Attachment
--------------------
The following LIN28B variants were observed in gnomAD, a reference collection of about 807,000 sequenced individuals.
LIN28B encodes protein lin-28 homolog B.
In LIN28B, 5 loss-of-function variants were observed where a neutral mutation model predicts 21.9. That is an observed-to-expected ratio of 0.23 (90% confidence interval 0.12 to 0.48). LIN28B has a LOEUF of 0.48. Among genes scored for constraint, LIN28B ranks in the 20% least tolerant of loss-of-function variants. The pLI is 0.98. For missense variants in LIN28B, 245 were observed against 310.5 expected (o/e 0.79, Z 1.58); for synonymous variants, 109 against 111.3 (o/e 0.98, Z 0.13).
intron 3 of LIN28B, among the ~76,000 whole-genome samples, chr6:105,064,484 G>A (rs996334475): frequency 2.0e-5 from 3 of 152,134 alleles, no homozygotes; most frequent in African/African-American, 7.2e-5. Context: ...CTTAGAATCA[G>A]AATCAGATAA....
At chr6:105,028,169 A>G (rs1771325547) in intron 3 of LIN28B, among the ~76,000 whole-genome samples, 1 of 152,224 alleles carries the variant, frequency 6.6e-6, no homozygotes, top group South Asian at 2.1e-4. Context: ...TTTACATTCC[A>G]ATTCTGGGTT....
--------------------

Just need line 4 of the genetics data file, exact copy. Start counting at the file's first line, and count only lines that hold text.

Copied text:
intron 3 of LIN28B, among the ~76,000 whole-genome samples, chr6:105,064,484 G>A (rs996334475): frequency 2.0e-5 from 3 of 152,134 alleles, no homozygotes; most frequent in African/African-American, 7.2e-5. Context: ...CTTAGAATCA[G>A]AATCAGATAA....